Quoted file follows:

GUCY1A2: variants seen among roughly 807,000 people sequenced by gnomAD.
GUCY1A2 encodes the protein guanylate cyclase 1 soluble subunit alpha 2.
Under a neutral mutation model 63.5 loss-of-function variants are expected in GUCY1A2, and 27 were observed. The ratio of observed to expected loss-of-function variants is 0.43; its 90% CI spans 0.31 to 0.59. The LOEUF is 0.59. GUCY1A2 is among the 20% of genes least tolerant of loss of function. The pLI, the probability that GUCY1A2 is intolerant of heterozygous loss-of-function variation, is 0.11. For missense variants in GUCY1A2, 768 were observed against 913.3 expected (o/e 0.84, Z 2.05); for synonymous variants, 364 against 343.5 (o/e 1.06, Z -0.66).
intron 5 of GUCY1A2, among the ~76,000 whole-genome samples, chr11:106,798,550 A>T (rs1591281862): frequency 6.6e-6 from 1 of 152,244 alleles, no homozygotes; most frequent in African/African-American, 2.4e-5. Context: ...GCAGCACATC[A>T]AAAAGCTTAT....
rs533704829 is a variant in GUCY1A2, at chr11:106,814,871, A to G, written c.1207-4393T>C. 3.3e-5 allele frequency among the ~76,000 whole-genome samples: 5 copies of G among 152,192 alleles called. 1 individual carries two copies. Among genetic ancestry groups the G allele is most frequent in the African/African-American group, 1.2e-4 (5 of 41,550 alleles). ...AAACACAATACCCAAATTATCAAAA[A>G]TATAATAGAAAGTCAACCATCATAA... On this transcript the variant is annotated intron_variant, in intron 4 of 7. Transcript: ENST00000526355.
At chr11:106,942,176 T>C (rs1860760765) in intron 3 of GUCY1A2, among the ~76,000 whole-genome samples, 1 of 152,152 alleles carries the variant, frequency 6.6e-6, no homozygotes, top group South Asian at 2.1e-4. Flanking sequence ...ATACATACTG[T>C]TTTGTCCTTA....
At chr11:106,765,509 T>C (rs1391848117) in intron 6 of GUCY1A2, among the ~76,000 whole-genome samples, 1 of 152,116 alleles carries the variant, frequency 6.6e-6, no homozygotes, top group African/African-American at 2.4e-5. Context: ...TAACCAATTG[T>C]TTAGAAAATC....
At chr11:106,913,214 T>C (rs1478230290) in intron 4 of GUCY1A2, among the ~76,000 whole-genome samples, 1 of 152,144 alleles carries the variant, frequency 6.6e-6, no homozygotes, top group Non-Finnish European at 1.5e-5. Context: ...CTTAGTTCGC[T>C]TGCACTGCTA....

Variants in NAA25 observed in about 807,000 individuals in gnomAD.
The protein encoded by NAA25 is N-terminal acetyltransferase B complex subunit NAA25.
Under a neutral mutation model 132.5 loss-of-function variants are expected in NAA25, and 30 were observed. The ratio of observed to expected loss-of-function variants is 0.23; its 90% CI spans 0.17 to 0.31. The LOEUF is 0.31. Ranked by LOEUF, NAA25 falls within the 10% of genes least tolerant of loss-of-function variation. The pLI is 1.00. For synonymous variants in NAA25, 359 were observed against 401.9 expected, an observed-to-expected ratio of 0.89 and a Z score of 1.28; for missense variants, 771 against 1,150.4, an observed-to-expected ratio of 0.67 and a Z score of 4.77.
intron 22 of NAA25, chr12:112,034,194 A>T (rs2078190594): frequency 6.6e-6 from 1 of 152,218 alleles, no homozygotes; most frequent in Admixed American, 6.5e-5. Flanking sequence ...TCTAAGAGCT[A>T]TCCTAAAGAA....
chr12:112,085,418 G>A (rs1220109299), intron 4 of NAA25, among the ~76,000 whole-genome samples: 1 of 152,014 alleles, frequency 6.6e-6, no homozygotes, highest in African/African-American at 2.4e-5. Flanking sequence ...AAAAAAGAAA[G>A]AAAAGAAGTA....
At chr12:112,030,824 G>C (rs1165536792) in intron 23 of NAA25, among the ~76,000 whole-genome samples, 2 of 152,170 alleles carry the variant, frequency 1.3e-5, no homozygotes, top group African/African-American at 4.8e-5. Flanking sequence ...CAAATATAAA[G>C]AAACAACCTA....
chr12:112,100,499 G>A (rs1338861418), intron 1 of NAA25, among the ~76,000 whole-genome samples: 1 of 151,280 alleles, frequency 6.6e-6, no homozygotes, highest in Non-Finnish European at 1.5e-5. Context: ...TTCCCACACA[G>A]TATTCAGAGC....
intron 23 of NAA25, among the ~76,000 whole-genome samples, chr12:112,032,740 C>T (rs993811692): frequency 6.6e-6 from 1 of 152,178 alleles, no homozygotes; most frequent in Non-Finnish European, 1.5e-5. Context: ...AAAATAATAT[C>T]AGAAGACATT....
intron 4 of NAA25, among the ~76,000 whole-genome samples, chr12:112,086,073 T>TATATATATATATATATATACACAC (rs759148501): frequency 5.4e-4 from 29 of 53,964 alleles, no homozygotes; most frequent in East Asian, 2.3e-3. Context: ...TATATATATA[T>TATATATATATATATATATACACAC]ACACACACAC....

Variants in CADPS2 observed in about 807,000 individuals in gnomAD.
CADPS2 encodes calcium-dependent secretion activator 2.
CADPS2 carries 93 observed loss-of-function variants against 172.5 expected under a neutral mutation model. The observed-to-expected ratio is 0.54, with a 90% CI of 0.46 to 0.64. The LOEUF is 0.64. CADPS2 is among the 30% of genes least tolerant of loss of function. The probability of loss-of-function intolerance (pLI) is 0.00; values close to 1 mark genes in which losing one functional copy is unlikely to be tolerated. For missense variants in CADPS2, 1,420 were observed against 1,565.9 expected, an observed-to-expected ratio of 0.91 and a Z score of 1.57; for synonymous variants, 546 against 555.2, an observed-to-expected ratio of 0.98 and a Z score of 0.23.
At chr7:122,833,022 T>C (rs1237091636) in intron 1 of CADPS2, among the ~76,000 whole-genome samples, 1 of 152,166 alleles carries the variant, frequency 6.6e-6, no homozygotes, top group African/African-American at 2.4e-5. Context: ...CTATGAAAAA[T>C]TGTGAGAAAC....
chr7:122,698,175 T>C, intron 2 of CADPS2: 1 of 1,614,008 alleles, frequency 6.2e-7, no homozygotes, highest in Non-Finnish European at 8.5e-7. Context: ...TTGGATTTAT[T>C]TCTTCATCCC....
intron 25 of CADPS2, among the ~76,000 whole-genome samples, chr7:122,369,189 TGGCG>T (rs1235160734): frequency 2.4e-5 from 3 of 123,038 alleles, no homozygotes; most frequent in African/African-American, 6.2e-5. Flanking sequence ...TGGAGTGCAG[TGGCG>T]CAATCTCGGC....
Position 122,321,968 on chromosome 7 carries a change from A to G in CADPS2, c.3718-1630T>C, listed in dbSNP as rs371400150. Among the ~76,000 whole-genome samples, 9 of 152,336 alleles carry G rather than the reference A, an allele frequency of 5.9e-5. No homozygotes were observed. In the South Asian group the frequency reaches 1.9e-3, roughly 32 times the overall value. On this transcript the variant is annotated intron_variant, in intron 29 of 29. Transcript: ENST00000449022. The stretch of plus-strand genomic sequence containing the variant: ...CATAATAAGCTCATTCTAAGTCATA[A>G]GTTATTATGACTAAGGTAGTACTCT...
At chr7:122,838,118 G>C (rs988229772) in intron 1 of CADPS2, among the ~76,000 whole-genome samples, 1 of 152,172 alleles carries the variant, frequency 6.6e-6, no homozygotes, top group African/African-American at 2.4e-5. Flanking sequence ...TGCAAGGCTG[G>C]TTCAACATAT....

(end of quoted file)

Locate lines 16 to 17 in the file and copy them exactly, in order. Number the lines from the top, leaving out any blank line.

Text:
intron 23 of NAA25, among the ~76,000 whole-genome samples, chr12:112,032,740 C>T (rs993811692): frequency 6.6e-6 from 1 of 152,178 alleles, no homozygotes; most frequent in Non-Finnish European, 1.5e-5. Context: ...AAAATAATAT[C>T]AGAAGACATT....
intron 4 of NAA25, among the ~76,000 whole-genome samples, chr12:112,086,073 T>TATATATATATATATATATACACAC (rs759148501): frequency 5.4e-4 from 29 of 53,964 alleles, no homozygotes; most frequent in East Asian, 2.3e-3. Context: ...TATATATATA[T>TATATATATATATATATATACACAC]ACACACACAC....